Transitioning Into Retirement

by Dual Income No Kids on July 3, 2007 · 0 comments

We’ve been posting a lot about life cycle transition here at DINKs finance. In response to an email from one of our readers, we wanted to talk about getting ready for retirement. We’re NOT referring to retirement planning, as in 10 years of saving up for retirement, rather we want to talk specifically about the transition into retirement. If you have parents who are nearing retirement age, or you are thinking about retiring yourself, here are some ideas to consider:

1) Taking Stock of The Situation: Retirement means big financial and social changes. You might want to take a bit of time to think about the financial and non-financial aspects of this transition. Financially speaking, you’ll probably need to come up with at least 65% (or way more) of the retirees pretax income. Non-financially speaking, many elderly become socially isolated after retirement. Everyone’s heard horror stories about seniors who die and nobody finds out for years. Please don’t neglect the non-financial aspects of the transition to retirement. For some elderly, its important to maintain physical and mental health by volunteering or joining social clubs.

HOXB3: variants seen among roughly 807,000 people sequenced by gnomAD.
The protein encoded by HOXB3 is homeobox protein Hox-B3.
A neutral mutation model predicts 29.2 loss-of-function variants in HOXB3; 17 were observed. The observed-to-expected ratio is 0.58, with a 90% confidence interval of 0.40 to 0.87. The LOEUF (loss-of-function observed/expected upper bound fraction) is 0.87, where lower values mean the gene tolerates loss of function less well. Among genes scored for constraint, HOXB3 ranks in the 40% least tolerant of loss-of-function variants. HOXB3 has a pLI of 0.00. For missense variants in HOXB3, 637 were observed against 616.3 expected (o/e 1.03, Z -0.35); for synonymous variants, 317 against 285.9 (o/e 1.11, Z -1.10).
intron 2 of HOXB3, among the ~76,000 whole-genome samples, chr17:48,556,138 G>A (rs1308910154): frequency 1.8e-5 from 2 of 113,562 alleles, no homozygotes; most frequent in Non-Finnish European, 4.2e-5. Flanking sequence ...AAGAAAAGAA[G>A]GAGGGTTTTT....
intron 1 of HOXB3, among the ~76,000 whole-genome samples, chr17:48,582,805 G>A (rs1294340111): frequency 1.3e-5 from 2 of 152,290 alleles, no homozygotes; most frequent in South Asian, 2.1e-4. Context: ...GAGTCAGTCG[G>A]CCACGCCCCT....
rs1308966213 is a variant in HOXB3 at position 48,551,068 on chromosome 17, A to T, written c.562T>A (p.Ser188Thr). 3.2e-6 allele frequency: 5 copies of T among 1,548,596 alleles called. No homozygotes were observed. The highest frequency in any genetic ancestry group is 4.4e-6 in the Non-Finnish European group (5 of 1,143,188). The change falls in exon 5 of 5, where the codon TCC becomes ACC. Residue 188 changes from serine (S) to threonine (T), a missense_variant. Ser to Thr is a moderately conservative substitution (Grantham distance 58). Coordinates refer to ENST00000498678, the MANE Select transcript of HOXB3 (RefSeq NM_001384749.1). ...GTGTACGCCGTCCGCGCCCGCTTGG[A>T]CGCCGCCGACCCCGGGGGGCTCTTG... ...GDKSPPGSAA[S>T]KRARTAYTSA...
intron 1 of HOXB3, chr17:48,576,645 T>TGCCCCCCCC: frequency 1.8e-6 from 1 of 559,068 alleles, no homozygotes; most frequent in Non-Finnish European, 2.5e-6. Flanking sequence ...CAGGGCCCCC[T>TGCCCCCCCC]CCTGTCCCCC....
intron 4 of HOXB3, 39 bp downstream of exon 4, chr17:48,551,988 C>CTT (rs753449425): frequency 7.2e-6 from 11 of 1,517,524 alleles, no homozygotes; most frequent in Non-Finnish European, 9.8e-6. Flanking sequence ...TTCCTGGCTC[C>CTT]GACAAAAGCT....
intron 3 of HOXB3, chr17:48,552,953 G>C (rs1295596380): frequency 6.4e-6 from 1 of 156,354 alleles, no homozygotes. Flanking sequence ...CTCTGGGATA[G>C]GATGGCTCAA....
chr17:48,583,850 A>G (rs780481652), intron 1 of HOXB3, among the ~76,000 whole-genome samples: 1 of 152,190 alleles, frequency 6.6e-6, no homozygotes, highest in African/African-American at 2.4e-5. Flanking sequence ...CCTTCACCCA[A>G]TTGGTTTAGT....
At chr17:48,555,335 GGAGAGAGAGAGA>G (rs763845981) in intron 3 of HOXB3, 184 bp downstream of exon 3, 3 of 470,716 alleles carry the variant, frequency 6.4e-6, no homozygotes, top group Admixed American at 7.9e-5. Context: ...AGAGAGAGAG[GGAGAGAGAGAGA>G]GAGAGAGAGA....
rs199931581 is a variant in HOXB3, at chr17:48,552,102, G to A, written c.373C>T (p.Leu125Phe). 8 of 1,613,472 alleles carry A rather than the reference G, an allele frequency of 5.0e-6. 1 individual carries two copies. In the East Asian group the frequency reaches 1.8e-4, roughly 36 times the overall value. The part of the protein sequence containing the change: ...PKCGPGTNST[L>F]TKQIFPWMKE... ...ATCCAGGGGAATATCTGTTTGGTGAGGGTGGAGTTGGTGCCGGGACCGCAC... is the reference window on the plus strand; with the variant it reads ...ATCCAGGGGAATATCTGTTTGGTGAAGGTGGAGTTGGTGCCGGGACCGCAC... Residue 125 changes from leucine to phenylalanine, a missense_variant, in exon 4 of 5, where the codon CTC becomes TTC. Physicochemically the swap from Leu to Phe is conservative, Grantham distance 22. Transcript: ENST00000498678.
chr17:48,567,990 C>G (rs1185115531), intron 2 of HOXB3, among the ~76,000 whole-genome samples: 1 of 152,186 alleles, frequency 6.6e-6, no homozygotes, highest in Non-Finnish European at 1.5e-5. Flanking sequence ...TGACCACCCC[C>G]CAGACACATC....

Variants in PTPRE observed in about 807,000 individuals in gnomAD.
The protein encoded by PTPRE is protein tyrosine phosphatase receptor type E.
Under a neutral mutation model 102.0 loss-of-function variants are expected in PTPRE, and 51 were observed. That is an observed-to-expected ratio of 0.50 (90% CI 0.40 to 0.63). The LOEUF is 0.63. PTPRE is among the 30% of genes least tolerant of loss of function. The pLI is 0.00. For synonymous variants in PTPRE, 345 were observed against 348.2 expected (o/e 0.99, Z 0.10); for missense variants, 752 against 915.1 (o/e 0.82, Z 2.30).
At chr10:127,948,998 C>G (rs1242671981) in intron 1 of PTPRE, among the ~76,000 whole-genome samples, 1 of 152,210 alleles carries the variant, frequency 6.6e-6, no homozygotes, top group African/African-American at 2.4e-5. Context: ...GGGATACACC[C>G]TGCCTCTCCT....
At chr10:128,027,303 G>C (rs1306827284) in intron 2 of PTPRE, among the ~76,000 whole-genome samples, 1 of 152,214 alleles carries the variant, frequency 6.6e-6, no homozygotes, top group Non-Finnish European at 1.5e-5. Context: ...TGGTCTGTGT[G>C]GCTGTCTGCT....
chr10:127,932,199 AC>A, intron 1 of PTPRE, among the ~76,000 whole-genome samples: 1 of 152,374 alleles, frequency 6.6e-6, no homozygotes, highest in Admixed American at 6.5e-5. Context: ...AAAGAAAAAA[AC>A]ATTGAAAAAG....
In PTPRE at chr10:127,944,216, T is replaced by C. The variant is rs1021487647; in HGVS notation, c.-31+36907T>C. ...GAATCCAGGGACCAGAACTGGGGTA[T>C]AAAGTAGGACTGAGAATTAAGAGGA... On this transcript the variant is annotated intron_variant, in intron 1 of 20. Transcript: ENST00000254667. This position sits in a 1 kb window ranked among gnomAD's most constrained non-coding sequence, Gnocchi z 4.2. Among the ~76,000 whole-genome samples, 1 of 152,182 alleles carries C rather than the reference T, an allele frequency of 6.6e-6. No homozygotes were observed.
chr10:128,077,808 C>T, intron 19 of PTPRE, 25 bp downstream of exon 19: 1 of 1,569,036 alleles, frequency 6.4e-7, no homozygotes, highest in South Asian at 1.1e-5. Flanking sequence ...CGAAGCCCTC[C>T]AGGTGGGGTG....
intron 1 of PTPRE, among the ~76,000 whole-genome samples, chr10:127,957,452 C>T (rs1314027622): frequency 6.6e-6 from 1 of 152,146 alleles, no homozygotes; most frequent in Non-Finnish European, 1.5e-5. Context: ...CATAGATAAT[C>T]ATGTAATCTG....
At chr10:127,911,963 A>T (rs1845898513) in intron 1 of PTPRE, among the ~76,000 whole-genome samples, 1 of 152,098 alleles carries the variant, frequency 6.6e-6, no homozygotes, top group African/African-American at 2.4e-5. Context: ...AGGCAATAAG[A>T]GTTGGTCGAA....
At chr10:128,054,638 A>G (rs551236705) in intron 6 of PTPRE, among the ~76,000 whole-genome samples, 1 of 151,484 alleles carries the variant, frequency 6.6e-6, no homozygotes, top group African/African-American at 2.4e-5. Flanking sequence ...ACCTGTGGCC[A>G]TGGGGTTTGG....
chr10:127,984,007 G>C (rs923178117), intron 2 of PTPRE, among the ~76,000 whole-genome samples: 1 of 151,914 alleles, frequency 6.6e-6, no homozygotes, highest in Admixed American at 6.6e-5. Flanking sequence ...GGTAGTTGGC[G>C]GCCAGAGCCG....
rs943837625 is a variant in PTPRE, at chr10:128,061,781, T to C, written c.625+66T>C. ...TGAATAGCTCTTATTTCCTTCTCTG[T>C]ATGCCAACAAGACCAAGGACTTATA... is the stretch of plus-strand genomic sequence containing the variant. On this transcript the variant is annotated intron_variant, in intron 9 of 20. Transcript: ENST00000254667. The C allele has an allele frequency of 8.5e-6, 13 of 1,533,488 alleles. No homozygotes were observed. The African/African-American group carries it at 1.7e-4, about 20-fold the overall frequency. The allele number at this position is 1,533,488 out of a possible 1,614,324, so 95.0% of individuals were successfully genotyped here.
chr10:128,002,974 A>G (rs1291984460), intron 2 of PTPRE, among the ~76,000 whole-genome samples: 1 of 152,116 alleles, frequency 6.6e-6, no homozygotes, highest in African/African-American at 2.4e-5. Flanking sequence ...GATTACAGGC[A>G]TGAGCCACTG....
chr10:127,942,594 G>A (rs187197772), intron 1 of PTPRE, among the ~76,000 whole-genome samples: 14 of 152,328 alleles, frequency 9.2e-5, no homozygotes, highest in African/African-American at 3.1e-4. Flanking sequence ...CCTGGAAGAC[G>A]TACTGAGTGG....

2) Think About Insurance: Specifically, you might want to consider long term care or life insurance. Many senior citizens become disabled and require in home care or other expensive health care services. No kidding – three elderly members of my family have needed this. Also, during old age, the risk of accidental death increases greatly. If you don’t have life insurance, you or your family may not have the funds to carry on if someone dies. So, the main point here is that aging can accelerate health and mortality risks. You might consider insurance to cover well ahead of time, e.g. during the transition into retirement.

3) Brush Up On Your IRS Regs: A lot of seniors draw on their pension and retirement accounts. The IRS has a ton of byzantine regulations that govern when you can access these accounts and how much you can take. Rather then explain them here, I’ll just say you should probably read up on the IRS’s rules regarding the type of retirement accounts you’re dealing with. These rules are constantly changing, but you can get a pretty good discussion at yahoo finance or the motley fool.



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